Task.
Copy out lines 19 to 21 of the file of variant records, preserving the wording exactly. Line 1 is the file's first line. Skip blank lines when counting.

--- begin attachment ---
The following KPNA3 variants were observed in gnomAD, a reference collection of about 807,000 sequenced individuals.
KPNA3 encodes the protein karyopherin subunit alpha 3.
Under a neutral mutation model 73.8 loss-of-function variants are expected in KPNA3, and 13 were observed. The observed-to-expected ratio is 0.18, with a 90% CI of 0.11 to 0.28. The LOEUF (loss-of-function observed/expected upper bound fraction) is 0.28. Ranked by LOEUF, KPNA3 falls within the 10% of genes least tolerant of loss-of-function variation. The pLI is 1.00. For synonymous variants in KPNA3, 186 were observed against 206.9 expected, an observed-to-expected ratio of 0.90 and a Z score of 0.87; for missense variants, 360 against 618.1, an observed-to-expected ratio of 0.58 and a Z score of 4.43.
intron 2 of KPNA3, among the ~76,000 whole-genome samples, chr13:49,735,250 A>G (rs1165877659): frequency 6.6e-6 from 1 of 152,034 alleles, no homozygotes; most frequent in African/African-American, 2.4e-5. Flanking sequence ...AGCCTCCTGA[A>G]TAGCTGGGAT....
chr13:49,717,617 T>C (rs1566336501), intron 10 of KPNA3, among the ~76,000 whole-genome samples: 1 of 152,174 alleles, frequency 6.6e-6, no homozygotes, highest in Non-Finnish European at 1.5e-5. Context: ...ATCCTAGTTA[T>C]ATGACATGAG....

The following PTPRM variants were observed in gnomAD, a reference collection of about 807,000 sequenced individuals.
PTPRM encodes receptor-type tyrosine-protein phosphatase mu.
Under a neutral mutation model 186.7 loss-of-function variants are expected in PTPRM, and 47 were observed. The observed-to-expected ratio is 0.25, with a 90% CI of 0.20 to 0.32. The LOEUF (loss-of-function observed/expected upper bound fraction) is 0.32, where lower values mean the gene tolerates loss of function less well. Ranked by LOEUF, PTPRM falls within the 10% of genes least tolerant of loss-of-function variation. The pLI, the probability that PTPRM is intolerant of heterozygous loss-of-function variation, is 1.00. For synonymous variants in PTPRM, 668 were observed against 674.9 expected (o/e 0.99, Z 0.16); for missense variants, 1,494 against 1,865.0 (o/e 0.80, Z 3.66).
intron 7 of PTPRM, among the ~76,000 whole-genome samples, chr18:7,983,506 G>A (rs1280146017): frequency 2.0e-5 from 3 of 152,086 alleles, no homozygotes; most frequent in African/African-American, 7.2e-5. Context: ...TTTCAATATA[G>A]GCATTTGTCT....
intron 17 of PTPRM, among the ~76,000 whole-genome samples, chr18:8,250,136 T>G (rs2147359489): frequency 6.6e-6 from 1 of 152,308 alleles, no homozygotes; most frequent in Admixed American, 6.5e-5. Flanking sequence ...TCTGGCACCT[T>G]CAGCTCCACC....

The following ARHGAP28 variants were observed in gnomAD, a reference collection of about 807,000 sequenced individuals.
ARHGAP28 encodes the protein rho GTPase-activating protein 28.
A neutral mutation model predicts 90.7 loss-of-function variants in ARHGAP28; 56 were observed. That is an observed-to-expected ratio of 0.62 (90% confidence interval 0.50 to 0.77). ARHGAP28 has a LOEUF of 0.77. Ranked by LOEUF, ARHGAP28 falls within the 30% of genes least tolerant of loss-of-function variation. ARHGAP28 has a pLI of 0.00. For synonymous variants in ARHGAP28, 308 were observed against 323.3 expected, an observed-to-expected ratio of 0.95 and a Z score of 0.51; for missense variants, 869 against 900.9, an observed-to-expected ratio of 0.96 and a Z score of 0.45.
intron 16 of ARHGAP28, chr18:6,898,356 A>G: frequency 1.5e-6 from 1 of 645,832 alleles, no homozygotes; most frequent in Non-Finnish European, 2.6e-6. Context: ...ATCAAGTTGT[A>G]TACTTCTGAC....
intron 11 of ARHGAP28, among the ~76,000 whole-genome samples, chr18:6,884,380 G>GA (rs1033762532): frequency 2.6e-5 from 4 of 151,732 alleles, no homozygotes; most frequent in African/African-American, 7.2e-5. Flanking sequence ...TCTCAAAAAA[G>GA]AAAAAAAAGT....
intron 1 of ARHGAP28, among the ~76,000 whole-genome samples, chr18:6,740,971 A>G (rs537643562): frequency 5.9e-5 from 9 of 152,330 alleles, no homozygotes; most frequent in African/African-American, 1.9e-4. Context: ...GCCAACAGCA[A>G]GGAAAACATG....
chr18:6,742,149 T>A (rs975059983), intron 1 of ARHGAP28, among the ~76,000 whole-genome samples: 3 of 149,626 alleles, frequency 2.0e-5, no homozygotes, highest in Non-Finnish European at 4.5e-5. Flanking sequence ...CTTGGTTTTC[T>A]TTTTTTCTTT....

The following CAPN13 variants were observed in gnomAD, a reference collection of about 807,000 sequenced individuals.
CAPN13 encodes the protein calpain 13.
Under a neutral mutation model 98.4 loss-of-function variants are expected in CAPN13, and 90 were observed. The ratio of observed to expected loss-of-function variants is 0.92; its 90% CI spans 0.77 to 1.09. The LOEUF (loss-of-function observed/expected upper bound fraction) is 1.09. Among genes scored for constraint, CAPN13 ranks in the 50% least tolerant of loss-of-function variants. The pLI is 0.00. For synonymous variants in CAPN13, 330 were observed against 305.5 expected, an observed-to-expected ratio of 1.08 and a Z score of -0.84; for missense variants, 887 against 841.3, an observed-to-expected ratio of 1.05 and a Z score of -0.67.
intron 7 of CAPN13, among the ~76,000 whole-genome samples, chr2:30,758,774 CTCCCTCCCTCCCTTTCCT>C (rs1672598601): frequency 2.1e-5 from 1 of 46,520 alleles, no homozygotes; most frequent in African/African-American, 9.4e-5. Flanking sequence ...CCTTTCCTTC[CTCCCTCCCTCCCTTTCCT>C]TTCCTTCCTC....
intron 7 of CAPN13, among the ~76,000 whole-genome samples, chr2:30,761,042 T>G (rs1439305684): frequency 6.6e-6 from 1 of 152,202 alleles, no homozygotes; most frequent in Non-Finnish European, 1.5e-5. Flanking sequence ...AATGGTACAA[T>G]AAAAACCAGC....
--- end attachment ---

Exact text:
CAPN13 encodes the protein calpain 13.
Under a neutral mutation model 98.4 loss-of-function variants are expected in CAPN13, and 90 were observed. The ratio of observed to expected loss-of-function variants is 0.92; its 90% CI spans 0.77 to 1.09. The LOEUF (loss-of-function observed/expected upper bound fraction) is 1.09. Among genes scored for constraint, CAPN13 ranks in the 50% least tolerant of loss-of-function variants. The pLI is 0.00. For synonymous variants in CAPN13, 330 were observed against 305.5 expected, an observed-to-expected ratio of 1.08 and a Z score of -0.84; for missense variants, 887 against 841.3, an observed-to-expected ratio of 1.05 and a Z score of -0.67.
intron 7 of CAPN13, among the ~76,000 whole-genome samples, chr2:30,758,774 CTCCCTCCCTCCCTTTCCT>C (rs1672598601): frequency 2.1e-5 from 1 of 46,520 alleles, no homozygotes; most frequent in African/African-American, 9.4e-5. Flanking sequence ...CCTTTCCTTC[CTCCCTCCCTCCCTTTCCT>C]TTCCTTCCTC....